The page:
. Destinations on the Rise for Meetings in 2017 | Successful Meetings

Destinations on the Rise for Meetings in 2017

These cities and countries are seriously appealing to planners

Booming Destinations opener

This year is seeing a wide range of destinations catching planners' eyes, whether due to new infrastructure, rich culture, or simply that they offer a good deal. Successful Meetings spoke with planners, industry leaders, and some of the destinations' marketing organizations to discuss the hot spots of 2017 and what was moving them to the top of planners' lists.

In particular, cities that are investing in their downtown and convention districts are making it easier for planners to hold a large-scale event, with satellite gatherings or pre- and post-events simpler to get to. Gary Schirmacher, CMP, senior vice president of industry presence and strategic development for Experient, A Maritz Global Events Company, points to cities such as Seattle, Denver, Los Angeles, Chicago, and National Harbor, MD (near Washington, D.C.), as ones which are doing a particularly good job of developing the downtown residential and multiuse buildings.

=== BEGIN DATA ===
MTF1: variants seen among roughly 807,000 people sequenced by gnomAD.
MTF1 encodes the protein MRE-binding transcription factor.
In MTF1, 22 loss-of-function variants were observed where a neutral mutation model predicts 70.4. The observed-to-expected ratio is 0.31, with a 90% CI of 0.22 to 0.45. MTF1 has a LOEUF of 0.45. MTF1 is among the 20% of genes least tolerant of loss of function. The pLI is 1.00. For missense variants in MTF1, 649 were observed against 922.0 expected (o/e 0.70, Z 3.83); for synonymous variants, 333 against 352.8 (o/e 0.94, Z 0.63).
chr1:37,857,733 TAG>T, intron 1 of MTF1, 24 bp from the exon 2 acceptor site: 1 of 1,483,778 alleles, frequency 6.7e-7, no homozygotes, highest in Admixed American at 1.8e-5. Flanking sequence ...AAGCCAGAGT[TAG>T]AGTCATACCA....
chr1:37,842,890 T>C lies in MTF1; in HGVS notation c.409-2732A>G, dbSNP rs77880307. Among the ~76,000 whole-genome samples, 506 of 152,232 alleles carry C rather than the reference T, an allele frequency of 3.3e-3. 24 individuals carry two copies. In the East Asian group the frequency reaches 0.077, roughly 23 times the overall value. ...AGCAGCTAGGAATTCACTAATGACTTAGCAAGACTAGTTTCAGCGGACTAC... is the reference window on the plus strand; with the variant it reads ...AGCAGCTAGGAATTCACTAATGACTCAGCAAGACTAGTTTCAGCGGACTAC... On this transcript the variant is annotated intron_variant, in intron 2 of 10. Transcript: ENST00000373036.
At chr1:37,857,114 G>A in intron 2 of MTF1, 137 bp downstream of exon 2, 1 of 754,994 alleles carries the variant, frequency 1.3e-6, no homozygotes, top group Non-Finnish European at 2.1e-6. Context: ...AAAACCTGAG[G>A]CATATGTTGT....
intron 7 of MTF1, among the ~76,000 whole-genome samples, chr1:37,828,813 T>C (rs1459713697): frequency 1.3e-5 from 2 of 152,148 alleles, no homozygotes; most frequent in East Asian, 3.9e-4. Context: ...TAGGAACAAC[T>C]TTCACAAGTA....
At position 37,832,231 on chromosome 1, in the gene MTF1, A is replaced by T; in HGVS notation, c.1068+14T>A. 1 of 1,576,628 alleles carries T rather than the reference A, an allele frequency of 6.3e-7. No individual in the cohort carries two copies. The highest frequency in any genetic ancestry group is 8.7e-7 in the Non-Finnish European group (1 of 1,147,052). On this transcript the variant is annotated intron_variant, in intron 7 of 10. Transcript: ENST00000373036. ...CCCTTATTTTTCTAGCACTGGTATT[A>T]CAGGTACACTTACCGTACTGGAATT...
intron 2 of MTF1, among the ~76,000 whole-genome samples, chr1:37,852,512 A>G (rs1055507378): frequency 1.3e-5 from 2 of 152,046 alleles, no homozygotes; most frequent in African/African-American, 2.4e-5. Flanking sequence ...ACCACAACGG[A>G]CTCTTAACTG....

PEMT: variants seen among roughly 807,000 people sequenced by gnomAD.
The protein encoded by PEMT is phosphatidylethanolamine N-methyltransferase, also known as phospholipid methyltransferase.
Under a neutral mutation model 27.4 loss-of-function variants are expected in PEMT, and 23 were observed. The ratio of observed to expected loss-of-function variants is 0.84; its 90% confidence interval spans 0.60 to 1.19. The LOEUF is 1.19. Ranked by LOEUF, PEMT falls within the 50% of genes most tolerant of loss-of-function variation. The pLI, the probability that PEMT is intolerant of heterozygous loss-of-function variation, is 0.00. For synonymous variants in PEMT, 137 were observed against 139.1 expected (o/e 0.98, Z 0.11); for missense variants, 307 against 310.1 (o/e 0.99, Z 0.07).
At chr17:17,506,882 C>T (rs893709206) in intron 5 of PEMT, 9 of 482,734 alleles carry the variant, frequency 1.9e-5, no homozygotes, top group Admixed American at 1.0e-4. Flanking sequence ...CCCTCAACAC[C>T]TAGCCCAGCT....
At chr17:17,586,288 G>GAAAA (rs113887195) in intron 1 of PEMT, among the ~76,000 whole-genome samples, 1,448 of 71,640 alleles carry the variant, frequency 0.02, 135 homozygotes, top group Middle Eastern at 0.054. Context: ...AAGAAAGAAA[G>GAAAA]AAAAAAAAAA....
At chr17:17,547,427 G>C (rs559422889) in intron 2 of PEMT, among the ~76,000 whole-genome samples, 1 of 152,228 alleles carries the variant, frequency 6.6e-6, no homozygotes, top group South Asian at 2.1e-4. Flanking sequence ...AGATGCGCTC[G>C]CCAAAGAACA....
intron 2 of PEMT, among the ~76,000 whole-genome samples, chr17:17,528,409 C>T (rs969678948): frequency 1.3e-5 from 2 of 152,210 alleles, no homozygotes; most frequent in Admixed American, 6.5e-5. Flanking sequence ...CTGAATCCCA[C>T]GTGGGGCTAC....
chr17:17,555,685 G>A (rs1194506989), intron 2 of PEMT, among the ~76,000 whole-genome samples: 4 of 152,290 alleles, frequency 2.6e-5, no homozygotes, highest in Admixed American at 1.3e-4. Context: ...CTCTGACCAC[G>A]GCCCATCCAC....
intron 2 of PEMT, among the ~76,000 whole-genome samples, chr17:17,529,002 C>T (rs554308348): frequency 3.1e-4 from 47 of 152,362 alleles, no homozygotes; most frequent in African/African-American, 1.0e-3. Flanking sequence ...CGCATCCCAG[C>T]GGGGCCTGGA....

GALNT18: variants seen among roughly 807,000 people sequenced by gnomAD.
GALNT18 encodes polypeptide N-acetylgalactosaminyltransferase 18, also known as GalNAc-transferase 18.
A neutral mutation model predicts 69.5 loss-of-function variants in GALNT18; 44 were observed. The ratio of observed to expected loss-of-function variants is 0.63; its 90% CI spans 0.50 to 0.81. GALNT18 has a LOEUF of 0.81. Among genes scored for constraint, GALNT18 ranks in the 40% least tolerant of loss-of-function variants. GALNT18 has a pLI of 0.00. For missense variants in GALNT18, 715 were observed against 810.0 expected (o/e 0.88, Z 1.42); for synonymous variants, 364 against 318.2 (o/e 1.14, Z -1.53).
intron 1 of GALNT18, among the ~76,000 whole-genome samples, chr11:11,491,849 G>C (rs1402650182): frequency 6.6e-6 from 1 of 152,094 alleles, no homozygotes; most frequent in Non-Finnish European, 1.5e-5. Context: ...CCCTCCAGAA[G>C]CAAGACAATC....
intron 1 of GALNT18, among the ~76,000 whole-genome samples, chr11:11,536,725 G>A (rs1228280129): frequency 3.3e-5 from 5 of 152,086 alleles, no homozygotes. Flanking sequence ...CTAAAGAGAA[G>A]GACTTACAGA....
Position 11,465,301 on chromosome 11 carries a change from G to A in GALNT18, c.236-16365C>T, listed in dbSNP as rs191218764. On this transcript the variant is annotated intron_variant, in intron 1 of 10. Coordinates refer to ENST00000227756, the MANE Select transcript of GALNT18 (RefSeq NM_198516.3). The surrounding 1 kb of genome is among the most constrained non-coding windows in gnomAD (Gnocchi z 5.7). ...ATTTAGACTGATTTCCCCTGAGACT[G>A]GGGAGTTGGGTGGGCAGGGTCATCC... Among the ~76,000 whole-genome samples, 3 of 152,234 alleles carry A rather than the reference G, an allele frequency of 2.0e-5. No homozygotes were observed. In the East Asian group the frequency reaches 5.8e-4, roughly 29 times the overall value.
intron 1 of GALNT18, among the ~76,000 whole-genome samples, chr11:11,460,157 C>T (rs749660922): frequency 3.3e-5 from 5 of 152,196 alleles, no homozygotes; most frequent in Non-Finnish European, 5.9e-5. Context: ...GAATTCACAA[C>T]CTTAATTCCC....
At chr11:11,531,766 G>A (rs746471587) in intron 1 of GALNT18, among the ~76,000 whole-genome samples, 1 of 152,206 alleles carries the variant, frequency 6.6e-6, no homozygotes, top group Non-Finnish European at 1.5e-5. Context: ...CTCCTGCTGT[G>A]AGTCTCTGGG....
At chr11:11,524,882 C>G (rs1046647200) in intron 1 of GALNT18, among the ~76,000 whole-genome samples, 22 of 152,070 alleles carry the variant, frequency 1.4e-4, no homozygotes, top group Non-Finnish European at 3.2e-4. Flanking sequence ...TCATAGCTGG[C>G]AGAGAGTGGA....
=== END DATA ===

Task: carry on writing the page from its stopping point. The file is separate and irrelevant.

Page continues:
"Increasing convention center districts and downtown households has always seemed to drive success and popularity of a destination," he says. "People promote growth and independent small businesses can thrive with a dense population in a downtown district."  
 
Take the Windy City, for instance. "Development near Chicago's McCormick Place [the largest convention center in the U.S.] has created a neighborhood and the opportunity for more development that cultivates a true convention center district," Schirmacher says. "Upgrades, expansion, and new hotels, along with an increase in residential, make the McCormick Place district more accessible with less time in the bus lane for big shows."

Schirmacher cites Denver as a city on the rise, with an expansion of the Colorado Convention Center approved by voters, allowing the city to grow its vibrant convention center district with hotels, shops, and restaurants. Add in light rail from the airport to downtown and new growth of convention facilities near the airport like the Gaylord Rockies and the Westin DIA, and "it can be quite exciting to meet in Colorado," he says.

Internationally, he points to two destinations that are making big infrastructure investments: Singapore and Dubai. Of the former, he points to the city-state's "Great airport, lots of downtown residences, five-star facilities, and a spirit of service that delivers at the highest levels."